One common mistake people make when pairing wine and food is matching them by weight.
A full-bodied red wine might pair well with a hearty steak, but it would be too much for a delicate fish dish.
Similarly, a light white wine might get lost next to a rich sauce.
Instead of matching by weight, focus on finding wines that will complement the dominant flavors in each dish.
Consider the Acidity
Acidity is another important factor to consider when pairing wine and food.
Wines with high acidity can help balance out rich or fatty dishes, while low-acid wines tend to pair better with a milder fare.
If a dish is particularly spicy, look for wines with sweetness to help offset the heat.
The third factor is sweetness. Sweetness in wine comes from sugar, but it can also be contributed by fruit or alcohol.
When pairing sweet wines with food, you’ll want to match the level of sweetness in the dish.
For example, a dry Riesling would be a good choice for sushi because its sweetness will offset the salty soy sauce used in making sushi rolls.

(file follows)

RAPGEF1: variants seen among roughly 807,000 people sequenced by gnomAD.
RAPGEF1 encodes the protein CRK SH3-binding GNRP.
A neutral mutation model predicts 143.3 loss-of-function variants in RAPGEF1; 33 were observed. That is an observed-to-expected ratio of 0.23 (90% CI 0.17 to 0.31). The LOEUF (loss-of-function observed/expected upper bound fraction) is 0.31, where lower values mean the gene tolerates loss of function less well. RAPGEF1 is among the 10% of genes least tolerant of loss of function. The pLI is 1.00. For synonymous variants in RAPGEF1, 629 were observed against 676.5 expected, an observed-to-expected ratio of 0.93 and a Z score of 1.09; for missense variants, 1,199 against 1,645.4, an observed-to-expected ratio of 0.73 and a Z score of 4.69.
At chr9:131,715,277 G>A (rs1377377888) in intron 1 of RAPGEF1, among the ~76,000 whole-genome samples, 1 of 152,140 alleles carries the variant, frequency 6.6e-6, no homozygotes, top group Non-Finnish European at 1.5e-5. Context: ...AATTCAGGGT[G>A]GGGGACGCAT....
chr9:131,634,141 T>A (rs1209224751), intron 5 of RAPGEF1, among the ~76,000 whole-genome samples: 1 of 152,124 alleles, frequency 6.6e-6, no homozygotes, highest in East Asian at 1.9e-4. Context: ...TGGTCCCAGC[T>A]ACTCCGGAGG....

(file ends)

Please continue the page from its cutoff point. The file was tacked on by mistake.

Finally, tannins are another important component in wine that can impact food pairing.
Tannins are found in grape skins and stems and they give red wines their astringent quality.
When paired with food, they can help soften proteins and add depth of flavor.
So, if you’re serving a steak dinner, reach for a bottle of cabernet sauvignon – its high tannin levels will pair well with the hearty meat dishes.
Wine & Food Pairing Methodologies
There are two main wine and food pairing methodologies – congruent pairing and contrasting pairing.
Congruent Wine-Food Pairing Methodology
A congruent pairing of wine and food is a combination where the flavors in the dish are matched with corresponding flavors in the wine.
This creates a harmonious balance between the two elements that enhances the overall dining experience.